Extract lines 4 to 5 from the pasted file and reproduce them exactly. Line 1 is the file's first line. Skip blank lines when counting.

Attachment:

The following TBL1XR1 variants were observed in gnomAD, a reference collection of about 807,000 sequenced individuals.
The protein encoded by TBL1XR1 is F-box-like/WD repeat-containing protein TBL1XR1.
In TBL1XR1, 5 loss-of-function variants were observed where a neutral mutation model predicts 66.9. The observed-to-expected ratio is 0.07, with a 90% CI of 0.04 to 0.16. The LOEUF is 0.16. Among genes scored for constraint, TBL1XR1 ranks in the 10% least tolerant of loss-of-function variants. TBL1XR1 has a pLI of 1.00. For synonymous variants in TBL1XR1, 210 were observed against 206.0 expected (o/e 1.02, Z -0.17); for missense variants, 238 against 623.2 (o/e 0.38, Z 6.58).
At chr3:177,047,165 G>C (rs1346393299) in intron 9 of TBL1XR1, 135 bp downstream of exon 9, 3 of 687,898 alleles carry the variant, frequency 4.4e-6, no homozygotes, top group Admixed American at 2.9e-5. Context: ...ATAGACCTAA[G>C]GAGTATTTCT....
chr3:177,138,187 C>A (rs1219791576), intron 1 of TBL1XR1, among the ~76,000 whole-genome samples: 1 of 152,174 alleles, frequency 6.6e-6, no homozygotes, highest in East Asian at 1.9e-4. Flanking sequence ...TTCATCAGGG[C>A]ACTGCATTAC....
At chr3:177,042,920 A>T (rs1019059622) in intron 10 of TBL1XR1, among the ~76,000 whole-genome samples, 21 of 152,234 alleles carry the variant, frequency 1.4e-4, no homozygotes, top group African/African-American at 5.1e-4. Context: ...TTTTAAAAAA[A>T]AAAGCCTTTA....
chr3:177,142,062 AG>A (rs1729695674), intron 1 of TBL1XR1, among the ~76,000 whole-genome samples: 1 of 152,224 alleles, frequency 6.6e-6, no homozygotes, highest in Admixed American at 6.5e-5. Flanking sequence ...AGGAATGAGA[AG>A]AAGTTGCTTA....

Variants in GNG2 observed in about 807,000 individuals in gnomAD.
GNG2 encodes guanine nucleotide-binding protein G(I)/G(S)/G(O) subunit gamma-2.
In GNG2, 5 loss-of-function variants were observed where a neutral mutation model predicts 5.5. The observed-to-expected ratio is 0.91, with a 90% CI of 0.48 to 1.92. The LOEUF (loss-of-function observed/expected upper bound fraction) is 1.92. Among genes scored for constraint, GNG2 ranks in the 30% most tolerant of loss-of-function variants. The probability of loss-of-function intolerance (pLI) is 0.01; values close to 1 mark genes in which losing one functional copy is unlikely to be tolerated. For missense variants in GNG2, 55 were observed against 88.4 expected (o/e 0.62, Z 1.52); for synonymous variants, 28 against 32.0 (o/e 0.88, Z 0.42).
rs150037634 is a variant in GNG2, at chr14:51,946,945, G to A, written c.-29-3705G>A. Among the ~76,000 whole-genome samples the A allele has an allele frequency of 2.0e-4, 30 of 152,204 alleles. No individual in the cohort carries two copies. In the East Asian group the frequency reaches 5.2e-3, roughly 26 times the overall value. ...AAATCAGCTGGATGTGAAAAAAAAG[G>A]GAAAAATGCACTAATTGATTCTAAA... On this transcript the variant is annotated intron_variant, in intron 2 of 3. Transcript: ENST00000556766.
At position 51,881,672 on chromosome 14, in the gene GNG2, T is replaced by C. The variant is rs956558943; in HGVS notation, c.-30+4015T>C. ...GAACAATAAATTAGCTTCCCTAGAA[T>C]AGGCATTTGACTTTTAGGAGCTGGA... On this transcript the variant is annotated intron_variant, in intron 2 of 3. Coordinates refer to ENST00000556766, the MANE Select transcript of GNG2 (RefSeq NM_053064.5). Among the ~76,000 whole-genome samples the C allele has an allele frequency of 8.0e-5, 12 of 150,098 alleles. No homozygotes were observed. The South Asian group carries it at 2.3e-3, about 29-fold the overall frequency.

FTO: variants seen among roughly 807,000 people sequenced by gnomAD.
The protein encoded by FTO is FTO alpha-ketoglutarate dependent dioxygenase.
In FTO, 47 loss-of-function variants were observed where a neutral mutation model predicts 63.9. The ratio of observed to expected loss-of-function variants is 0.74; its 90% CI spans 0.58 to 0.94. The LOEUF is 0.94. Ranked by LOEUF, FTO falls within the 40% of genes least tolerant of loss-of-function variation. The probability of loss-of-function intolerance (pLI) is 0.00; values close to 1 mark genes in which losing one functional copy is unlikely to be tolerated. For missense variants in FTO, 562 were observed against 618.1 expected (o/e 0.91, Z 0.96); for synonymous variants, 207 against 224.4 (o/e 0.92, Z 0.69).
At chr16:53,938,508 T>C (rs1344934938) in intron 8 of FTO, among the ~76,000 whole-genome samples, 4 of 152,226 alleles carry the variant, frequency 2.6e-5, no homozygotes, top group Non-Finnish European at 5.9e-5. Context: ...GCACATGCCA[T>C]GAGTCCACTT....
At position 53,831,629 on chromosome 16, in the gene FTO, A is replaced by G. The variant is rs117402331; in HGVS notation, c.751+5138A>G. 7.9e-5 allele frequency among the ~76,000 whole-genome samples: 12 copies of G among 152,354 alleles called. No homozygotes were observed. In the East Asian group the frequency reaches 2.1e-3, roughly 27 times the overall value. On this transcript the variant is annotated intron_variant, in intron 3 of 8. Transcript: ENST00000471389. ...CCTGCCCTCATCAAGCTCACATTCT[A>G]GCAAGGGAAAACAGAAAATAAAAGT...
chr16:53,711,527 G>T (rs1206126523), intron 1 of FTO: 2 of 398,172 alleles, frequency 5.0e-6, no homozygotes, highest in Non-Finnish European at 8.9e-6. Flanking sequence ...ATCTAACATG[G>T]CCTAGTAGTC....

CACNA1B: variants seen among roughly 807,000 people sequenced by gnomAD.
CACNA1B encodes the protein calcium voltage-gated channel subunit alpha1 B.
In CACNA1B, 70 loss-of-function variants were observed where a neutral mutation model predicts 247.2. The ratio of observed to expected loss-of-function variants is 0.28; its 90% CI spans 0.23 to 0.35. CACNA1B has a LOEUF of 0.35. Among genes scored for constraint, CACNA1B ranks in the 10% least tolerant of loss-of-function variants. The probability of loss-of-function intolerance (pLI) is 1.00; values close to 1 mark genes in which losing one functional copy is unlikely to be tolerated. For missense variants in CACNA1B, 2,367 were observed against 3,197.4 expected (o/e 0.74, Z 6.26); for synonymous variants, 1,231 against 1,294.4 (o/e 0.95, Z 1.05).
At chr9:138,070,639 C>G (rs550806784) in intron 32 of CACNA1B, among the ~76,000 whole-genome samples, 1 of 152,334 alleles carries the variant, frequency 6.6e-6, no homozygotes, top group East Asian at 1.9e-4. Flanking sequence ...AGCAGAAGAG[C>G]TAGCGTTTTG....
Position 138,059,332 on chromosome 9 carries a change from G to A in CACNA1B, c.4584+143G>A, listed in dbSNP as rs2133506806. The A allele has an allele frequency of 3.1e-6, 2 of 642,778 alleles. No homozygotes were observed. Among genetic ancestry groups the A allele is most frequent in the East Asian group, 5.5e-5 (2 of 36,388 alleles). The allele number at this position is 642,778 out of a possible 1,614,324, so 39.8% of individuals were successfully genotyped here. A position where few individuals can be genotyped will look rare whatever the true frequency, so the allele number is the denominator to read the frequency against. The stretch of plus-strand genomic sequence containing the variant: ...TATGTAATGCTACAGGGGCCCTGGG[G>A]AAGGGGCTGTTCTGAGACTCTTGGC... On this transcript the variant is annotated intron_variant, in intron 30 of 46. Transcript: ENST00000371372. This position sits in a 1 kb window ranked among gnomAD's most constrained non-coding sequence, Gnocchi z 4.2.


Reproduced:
At chr3:177,047,165 G>C (rs1346393299) in intron 9 of TBL1XR1, 135 bp downstream of exon 9, 3 of 687,898 alleles carry the variant, frequency 4.4e-6, no homozygotes, top group Admixed American at 2.9e-5. Context: ...ATAGACCTAA[G>C]GAGTATTTCT....
chr3:177,138,187 C>A (rs1219791576), intron 1 of TBL1XR1, among the ~76,000 whole-genome samples: 1 of 152,174 alleles, frequency 6.6e-6, no homozygotes, highest in East Asian at 1.9e-4. Flanking sequence ...TTCATCAGGG[C>A]ACTGCATTAC....